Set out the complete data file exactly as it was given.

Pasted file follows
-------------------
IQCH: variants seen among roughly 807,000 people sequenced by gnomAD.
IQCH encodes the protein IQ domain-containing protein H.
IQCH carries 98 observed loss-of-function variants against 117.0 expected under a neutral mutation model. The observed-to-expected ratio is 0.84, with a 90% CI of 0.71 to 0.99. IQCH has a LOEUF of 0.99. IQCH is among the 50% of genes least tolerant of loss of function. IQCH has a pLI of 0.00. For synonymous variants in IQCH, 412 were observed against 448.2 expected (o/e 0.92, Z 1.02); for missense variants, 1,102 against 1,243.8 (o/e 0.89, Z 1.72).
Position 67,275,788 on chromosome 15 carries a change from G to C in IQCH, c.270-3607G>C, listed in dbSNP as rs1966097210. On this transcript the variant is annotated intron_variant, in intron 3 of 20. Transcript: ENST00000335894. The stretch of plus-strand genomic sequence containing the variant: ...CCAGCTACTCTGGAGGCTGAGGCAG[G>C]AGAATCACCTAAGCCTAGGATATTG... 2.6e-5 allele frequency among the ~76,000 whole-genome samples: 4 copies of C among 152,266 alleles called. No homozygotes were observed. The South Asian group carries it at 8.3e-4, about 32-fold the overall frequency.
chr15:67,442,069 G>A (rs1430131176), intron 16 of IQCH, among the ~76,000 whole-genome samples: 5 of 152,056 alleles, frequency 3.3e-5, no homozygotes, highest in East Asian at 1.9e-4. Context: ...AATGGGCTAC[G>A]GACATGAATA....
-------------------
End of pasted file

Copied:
IQCH: variants seen among roughly 807,000 people sequenced by gnomAD.
IQCH encodes the protein IQ domain-containing protein H.
IQCH carries 98 observed loss-of-function variants against 117.0 expected under a neutral mutation model. The observed-to-expected ratio is 0.84, with a 90% CI of 0.71 to 0.99. IQCH has a LOEUF of 0.99. IQCH is among the 50% of genes least tolerant of loss of function. IQCH has a pLI of 0.00. For synonymous variants in IQCH, 412 were observed against 448.2 expected (o/e 0.92, Z 1.02); for missense variants, 1,102 against 1,243.8 (o/e 0.89, Z 1.72).
Position 67,275,788 on chromosome 15 carries a change from G to C in IQCH, c.270-3607G>C, listed in dbSNP as rs1966097210. On this transcript the variant is annotated intron_variant, in intron 3 of 20. Transcript: ENST00000335894. The stretch of plus-strand genomic sequence containing the variant: ...CCAGCTACTCTGGAGGCTGAGGCAG[G>C]AGAATCACCTAAGCCTAGGATATTG... 2.6e-5 allele frequency among the ~76,000 whole-genome samples: 4 copies of C among 152,266 alleles called. No homozygotes were observed. The South Asian group carries it at 8.3e-4, about 32-fold the overall frequency.
chr15:67,442,069 G>A (rs1430131176), intron 16 of IQCH, among the ~76,000 whole-genome samples: 5 of 152,056 alleles, frequency 3.3e-5, no homozygotes, highest in East Asian at 1.9e-4. Context: ...AATGGGCTAC[G>A]GACATGAATA....